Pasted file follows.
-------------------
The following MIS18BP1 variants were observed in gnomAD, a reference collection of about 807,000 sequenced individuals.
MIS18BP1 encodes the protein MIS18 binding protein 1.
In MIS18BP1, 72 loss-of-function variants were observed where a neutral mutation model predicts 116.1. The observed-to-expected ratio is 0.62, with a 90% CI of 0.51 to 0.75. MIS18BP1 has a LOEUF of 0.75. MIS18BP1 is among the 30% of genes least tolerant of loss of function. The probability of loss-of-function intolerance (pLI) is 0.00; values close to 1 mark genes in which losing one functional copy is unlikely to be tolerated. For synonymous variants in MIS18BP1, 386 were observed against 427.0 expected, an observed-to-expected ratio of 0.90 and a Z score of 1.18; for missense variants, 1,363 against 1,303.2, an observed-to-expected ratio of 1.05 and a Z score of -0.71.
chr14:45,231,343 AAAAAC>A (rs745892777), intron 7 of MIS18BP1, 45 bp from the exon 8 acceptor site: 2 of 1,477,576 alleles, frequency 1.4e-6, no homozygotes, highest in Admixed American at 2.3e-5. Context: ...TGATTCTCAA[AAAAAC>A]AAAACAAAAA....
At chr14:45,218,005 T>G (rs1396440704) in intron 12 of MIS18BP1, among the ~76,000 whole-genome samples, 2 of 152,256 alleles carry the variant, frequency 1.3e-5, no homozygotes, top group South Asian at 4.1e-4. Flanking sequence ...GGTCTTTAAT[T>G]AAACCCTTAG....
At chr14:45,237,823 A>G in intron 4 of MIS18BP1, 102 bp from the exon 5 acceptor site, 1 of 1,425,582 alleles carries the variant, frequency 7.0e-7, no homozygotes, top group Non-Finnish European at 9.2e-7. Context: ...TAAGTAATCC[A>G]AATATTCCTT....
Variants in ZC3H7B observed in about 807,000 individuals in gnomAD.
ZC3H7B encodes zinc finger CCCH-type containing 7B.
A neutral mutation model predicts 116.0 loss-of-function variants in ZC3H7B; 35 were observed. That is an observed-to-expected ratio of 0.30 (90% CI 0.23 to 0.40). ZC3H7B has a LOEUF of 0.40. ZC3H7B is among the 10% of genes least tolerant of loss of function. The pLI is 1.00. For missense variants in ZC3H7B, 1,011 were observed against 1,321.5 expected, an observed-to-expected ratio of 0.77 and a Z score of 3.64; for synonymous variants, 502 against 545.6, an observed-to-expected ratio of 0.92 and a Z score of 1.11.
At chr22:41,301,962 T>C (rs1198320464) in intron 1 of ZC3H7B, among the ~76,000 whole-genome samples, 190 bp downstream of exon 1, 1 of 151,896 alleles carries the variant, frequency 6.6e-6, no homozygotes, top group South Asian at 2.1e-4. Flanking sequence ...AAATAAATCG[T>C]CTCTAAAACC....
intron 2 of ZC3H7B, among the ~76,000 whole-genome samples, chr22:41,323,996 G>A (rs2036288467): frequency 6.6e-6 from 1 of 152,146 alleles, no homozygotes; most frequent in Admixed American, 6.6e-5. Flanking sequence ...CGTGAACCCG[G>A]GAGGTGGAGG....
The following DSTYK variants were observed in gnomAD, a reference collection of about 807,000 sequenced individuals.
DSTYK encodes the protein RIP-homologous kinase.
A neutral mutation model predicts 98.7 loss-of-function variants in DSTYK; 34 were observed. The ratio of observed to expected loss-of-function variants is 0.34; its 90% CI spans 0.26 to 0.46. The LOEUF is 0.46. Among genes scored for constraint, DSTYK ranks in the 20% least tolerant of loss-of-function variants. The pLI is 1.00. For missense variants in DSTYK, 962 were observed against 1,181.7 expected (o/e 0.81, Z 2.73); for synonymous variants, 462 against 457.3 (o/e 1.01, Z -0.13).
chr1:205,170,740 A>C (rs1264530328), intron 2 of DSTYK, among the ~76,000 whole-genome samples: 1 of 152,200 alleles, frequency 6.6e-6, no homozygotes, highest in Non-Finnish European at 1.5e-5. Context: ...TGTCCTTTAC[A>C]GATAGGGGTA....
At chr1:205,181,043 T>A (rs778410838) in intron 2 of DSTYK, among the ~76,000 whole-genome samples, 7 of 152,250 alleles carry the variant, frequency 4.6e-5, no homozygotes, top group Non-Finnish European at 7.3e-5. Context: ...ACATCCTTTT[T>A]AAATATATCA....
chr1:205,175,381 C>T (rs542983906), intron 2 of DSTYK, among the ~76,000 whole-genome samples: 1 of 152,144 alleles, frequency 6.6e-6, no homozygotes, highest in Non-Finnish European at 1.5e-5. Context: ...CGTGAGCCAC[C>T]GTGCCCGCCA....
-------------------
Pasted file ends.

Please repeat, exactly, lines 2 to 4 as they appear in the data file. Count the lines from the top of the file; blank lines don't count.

MIS18BP1 encodes the protein MIS18 binding protein 1.
In MIS18BP1, 72 loss-of-function variants were observed where a neutral mutation model predicts 116.1. The observed-to-expected ratio is 0.62, with a 90% CI of 0.51 to 0.75. MIS18BP1 has a LOEUF of 0.75. MIS18BP1 is among the 30% of genes least tolerant of loss of function. The probability of loss-of-function intolerance (pLI) is 0.00; values close to 1 mark genes in which losing one functional copy is unlikely to be tolerated. For synonymous variants in MIS18BP1, 386 were observed against 427.0 expected, an observed-to-expected ratio of 0.90 and a Z score of 1.18; for missense variants, 1,363 against 1,303.2, an observed-to-expected ratio of 1.05 and a Z score of -0.71.
chr14:45,231,343 AAAAAC>A (rs745892777), intron 7 of MIS18BP1, 45 bp from the exon 8 acceptor site: 2 of 1,477,576 alleles, frequency 1.4e-6, no homozygotes, highest in Admixed American at 2.3e-5. Context: ...TGATTCTCAA[AAAAAC>A]AAAACAAAAA....